Intrapersonal communication is communication with oneself or self-to-self communication. Examples are thinking to oneself "I'll do better next time" after having made a mistake or having an imaginary conversation with one's boss because one intends to leave work early. It is often understood as an exchange of messages in which the sender and the receiver is the same person. Some theorists use a wider definition that goes beyond message-based accounts and focuses on the role of meaning and making sense of things. Intrapersonal communication can happen alone or in social situations. It may be prompted internally or occur as a response to changes in the environment. The term "autocommunication" is sometimes used as a synonym. Intrapersonal communication encompasses a great variety of phenomena. Its most important type happens purely internally as an exchange within one's mind. Some theorists see this as the only form. In a wider sense, however, there are also types of self-to-self communication that are mediated through external means, like when writing a diary or a shopping list for oneself. For verbal intrapersonal communication, messages are formulated using a language, in contrast to non-verbal forms sometimes used in imagination and memory. An important distinction among inner verbal forms is between self-talk and inner dialogue. Self-talk involves only one voice talking to itself. For inner dialogue, several voices associated with different positions take turns in a form of imaginary interaction. Other phenomena associated with intrapersonal communication include planning, problem-solving, perception, reasoning, self-persuasion, introspection, and dreaming. Models of intrapersonal communication discuss which components are involved and how they interact. Many models hold that the process starts with the perception and interpretation of internal and external stimuli or cues. Later steps involve the symbolic encoding of a message that becomes a new stimulus. Some models identify the same self as sender and receiver. Others see the self as a complex entity and understand the process as an exchange between different parts of the self or between different selves belonging to the same person. Intrapersonal communication contrasts with interpersonal communication, in which the sender and the receiver are distinct individuals. The two phenomena influence each other in various ways. For example, positive and negative feedback received from other people affects how a person talks to themself. Intrapersonal communication is involved in interpreting messages received from others and in formulating responses. Because of this role, some theorists hold that intrapersonal communication is the foundation of all communication. But this position is not generally accepted and an alternative is to hold that intrapersonal communication is an internalized version of interpersonal communication. Because of its many functions and influences, intrapersonal communication is usually understood as an important psychological phenomenon. It plays a key role in mental health, specifically in relation to positive and negative self-talk. Negative self-talk focuses on bad aspects of the self, at times in an excessively critical manner. It is associated with psychological stress, anxiety, and depression. Steps commonly associated with countering negative self-talk are to become aware of negative patterns, to challenge the truth of overly critical judgments, and to foster more positive patterns of thought. Of special relevance in this regard is the self-concept, i.e. how a person sees themself, specifically their self-esteem or how they evaluate their abilities and characteristics. Intrapersonal communication is not as thoroughly researched as other forms of communication. One reason is that it is more difficult to study since it happens primarily as an internal process. Another reason is that the term is often used in a very wide sense making it difficult to demarcate which phenomena belong to it.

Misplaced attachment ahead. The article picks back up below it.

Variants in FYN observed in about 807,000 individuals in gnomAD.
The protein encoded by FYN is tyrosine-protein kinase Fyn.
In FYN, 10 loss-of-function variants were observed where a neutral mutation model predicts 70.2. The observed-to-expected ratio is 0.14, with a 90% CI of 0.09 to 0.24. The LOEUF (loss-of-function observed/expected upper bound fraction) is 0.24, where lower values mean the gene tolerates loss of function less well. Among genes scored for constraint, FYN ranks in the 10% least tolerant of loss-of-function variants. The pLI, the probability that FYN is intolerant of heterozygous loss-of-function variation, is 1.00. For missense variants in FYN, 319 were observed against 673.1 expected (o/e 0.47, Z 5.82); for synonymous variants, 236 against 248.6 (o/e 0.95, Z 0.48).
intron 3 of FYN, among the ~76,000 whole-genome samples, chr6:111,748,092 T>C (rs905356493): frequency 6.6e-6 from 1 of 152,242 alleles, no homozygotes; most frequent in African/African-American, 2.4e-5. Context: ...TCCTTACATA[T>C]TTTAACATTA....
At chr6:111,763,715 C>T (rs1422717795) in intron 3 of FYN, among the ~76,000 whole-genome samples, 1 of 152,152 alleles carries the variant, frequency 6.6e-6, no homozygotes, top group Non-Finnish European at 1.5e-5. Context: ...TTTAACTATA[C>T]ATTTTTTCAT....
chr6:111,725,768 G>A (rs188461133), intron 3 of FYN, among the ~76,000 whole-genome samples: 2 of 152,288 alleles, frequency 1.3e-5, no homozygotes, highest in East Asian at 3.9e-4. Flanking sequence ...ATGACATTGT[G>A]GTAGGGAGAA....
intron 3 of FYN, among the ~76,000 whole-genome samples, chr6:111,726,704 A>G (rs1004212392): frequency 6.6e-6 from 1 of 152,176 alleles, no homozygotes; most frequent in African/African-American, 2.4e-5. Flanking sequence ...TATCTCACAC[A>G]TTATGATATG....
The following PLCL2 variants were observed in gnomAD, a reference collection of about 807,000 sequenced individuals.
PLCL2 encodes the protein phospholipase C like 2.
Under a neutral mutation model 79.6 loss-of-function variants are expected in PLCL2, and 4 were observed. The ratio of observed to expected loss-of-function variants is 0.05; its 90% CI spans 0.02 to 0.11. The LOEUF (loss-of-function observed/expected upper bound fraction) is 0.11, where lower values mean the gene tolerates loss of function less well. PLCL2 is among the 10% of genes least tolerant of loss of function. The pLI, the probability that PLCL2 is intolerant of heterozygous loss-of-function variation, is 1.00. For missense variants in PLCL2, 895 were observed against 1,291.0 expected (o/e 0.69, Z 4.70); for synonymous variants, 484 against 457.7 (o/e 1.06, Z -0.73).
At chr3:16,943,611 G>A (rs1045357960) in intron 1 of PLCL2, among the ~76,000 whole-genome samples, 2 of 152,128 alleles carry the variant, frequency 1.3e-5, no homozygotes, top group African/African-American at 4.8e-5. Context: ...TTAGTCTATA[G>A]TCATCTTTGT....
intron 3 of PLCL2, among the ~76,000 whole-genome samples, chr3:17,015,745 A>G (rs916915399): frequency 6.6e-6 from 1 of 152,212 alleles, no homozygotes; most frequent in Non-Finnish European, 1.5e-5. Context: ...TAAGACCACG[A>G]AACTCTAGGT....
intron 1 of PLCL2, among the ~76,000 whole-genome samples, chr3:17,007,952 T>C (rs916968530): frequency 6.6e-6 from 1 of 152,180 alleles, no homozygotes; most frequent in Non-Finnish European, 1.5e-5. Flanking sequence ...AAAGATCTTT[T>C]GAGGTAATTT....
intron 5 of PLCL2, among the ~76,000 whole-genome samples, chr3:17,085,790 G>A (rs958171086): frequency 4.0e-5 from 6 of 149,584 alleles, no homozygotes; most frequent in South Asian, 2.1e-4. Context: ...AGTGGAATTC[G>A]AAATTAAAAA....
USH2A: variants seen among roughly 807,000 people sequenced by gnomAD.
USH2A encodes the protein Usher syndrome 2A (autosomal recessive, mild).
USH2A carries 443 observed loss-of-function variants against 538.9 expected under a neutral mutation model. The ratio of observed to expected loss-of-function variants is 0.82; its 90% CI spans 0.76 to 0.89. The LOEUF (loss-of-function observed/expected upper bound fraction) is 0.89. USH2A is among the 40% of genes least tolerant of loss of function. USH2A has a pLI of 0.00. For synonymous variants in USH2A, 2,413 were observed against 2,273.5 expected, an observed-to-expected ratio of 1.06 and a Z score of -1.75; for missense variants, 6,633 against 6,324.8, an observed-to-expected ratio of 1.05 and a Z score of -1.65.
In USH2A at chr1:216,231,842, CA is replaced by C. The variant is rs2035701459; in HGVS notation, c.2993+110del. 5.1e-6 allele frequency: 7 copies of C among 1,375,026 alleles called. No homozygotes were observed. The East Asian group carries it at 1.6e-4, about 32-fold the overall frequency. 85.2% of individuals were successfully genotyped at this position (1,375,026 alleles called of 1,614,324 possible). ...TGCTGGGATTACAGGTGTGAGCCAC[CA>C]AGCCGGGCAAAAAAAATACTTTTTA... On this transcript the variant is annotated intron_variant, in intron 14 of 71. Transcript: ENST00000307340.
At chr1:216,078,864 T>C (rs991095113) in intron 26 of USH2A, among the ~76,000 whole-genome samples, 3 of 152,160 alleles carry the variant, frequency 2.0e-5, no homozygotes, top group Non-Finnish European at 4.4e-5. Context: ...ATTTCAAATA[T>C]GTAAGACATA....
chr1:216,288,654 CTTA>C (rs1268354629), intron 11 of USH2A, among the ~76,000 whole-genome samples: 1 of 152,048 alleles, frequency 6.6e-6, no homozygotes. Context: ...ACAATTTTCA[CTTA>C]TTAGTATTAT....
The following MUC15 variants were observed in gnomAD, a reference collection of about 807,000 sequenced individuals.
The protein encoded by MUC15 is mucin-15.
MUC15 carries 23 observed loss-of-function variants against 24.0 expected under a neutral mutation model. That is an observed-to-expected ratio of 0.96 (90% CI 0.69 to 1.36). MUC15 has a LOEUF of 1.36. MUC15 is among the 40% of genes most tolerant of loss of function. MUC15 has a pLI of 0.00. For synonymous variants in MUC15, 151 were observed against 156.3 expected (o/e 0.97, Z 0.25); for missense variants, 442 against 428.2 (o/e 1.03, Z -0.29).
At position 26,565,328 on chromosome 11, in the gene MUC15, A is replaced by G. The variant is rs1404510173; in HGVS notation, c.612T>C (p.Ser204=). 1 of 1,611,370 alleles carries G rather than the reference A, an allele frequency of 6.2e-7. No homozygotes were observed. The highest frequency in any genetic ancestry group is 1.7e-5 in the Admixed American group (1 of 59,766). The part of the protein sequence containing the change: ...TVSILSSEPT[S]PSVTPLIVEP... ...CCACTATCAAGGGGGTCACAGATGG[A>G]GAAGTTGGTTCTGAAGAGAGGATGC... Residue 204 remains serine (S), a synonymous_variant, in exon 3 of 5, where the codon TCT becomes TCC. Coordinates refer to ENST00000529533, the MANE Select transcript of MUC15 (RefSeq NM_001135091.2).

1. Internal monologue